So for anyone out there taking on something huge and maybe feeling overwhelmed by it, take a look at what we’re capable of if we have a go. Look at the innovation in technology, industry and art that we’ve achieved as a human race – simply because we believed we could.

Take your code, your words, your paint, your pen, or your 1980s keyboard, and keep playing.

And for anyone who got lost on the song references throughout this post – hit play and prepare to get out your air guitar.

Ocean Sole – how your old flip flops are helping a community in Kenya

ocean-sole-3-fish

Ocean Sole is a social enterprise collecting thousands of old flip flops from beaches in Kenya and turning them into pieces of animal art. I meet Mark to learn their inspiring story.

It all started with a souvenir

Three years ago Mark was heading to Kenya for a festival and before leaving he asked his nephew if he’d like anything bringing back. After looking at a world map and seeing the animals in Africa his nephew replied with “I want a lion”.

A friend of Mark’s recommended a place called Ocean Sole – a small group collecting flip flops from the beaches in Kenya and carving them into vibrant animals that you could buy.

And so the hunt for a lion began.

Business over a Bloody Mary

As luck would have it Mark met Julie at the festival bar the next day and soon discovered she was the woman behind Ocean Sole and had studied Marine Biology in Brighton (where he’s from).

A few sips of Bloody Mary later and he found himself agreeing to take some of the animals over to the UK to see if they would sell.

Within the first afternoon at an artist’s open house all 10 pieces had sold. So Mark bought a few more the next time, and the time after that, and they’ve been so popular he now has large shipments coming into the UK.

The 60 second doc that changed everything

Business slowly grew and last month Ocean Sole worked with 60 Second Docs to share their story.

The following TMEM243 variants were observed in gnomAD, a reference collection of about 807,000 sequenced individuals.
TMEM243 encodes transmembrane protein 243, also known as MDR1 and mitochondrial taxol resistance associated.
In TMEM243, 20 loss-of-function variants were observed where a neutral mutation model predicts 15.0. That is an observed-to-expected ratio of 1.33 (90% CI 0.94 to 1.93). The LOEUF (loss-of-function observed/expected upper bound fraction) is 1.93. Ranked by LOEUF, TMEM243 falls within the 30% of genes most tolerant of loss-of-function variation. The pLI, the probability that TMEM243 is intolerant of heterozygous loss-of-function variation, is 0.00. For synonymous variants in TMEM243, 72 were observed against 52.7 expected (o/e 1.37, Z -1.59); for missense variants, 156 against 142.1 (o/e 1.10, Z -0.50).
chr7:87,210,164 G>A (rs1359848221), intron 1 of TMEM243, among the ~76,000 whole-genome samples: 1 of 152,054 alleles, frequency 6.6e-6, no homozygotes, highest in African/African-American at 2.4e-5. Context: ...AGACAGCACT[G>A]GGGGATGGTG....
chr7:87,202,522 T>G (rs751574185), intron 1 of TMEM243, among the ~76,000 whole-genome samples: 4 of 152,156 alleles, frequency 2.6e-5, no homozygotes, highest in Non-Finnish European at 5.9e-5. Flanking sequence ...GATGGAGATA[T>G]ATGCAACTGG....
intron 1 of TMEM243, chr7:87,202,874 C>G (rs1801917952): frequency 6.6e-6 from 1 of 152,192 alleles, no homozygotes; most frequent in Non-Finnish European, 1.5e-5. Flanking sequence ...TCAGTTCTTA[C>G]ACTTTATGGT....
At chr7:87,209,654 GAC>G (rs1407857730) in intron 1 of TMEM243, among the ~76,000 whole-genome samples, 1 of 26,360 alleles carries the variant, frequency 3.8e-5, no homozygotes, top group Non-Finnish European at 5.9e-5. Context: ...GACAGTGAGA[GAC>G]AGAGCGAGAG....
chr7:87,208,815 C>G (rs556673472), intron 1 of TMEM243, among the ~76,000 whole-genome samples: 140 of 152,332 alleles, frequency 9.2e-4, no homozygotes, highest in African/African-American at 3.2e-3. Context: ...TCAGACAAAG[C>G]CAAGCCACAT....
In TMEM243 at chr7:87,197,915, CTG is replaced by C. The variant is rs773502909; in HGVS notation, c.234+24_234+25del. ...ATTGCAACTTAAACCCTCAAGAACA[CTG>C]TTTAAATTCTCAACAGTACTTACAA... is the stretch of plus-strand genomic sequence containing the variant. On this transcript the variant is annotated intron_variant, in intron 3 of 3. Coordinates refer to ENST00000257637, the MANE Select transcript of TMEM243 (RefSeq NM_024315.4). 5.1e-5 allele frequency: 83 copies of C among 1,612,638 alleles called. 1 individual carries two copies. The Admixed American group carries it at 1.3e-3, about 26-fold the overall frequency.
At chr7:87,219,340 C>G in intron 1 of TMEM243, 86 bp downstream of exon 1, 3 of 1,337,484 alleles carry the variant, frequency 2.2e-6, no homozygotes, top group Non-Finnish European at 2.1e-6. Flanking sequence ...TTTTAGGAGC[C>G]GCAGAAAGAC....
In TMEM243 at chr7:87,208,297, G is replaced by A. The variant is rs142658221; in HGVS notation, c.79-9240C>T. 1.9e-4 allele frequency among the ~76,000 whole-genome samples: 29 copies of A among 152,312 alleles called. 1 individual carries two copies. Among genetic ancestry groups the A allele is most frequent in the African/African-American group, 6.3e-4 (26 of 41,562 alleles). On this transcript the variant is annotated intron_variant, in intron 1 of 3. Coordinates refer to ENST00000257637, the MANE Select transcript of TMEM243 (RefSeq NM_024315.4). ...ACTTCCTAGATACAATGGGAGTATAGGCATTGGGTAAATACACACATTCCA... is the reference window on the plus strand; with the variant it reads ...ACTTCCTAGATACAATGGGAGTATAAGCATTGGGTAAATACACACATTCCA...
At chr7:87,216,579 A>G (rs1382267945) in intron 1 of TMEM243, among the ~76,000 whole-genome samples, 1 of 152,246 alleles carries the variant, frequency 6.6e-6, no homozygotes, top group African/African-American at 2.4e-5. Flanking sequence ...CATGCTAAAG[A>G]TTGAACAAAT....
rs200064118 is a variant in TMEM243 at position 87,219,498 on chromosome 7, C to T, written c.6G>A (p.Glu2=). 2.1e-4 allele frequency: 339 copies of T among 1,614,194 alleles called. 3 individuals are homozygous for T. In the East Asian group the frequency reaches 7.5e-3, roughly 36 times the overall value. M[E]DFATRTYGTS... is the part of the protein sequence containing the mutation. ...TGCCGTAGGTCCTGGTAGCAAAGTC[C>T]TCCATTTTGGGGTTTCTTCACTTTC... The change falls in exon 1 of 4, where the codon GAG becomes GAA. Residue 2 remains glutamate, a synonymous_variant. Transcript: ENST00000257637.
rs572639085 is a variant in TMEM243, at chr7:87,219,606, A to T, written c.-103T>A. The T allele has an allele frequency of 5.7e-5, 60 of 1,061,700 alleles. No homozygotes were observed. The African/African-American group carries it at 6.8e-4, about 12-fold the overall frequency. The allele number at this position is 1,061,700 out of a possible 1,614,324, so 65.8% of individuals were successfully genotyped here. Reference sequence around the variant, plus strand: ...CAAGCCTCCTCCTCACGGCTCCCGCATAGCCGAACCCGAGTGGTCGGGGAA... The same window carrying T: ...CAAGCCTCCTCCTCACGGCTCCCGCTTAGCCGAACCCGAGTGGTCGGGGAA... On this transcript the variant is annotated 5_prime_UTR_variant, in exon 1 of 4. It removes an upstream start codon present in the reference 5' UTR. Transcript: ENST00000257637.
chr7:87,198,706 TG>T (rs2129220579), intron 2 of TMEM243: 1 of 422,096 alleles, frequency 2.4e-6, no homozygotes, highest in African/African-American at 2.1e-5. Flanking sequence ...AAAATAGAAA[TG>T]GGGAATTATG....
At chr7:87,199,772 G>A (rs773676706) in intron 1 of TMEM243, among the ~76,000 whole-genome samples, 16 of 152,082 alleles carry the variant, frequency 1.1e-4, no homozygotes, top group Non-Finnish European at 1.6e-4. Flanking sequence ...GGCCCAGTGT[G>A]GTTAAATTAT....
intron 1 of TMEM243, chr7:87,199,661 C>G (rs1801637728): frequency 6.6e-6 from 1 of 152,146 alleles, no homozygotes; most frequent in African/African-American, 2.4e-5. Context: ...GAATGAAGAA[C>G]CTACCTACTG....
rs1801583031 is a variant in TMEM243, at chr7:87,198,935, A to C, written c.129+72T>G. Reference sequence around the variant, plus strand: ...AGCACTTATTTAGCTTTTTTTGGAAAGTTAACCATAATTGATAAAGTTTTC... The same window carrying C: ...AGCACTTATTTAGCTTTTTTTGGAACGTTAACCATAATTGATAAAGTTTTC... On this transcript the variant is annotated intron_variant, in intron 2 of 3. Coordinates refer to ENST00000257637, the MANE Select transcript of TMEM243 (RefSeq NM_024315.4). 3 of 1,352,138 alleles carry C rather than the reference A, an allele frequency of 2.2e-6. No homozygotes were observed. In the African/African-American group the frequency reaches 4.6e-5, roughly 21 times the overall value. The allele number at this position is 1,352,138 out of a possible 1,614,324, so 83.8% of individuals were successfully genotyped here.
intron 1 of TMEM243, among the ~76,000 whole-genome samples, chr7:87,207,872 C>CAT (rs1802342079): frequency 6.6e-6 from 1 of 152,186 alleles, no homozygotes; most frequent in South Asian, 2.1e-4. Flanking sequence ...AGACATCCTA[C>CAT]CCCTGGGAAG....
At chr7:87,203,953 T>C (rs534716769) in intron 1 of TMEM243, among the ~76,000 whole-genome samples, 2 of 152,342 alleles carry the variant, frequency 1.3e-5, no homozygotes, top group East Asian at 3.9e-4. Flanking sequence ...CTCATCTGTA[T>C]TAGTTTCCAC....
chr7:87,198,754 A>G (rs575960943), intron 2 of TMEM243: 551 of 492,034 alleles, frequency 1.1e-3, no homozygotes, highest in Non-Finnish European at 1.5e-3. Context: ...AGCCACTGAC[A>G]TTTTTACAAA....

The video went viral and the following weekend the team went into work with 10,000 emails waiting for them! It was a surprise to everyone and they had to bring in friends and family to help handle the enquiries.

In just over a week the video reached 75 million views – leading to a sell-out in stock for the US branch. Mark was blown away by the response.

“It was so gratifying after talking about it in fields all this time. Now we’re looking at international expansion and people are showing a real interest.”

Over 900 Kenyans are supported by employment

Whilst Ocean Sole is plugged as a conservation group – their primary purpose is to help people in Africa make a good living. They’re known for paying a good wage to employees and people in the local community can collect flip flops from the beach and weigh them in for payment by the kilo.

It was great to hear that Ocean Sole are a project partner with the United Nations Education Department (UNEP) and are signed up to their no child labour agreement. This ensures that children aren’t being exploited for work – which can be hard to police in Kenya.

A simple idea to turn flip flops into pieces of art has now grown into an enterprise that not only provides jobs and supports local communities, but also educates people about marine conservation.

Life-size pieces promote marine conservation

One of the projects that Mark is proud of is a life-size hollow minke whale that they made for UNEP. It was built to educate children who could step inside and learn about marine conservation. Other businesses have got involved too.

“I’m hoping that these life-size pieces will become popular with businesses who have corporate social responsibility (CSR) budgets to display on their reception or at events. It’s a great way to educate people about marine conservation.”

Octopus-2560

So if you or anyone you know could benefit from showing that their business is keen on marine conservation, why not get in touch with Ocean Sole and help create their next life-size piece?

The gift that keeps on giving

As if their social responsibility and conservation education wasn’t enough, Ocean Sole donate 20% of their profits to marine charities that don’t have any products to sell.

They also fund a large beach clean up in Kenya every month to bring the community together and keep their environment tidy.

I felt truly inspired after talking to Mark, who’s passion is a clear driver for the success of the business in the UK. He left our chat with a few words that I thought were worth sharing:

“It’s all about being enthusiastic and turning up. If you do that I think you have the recipe for life.”

And with that I hope you’re all feeling enthusiastic about saving our oceans and supporting communities by visiting www.oceansole.co.uk. They have some beautiful products – I’m thinking of buying a small fish to cheer up my desk!

Dare you choose to refuse? Here’s 5 ways to join the rebels in Plastic Free July

wholefoods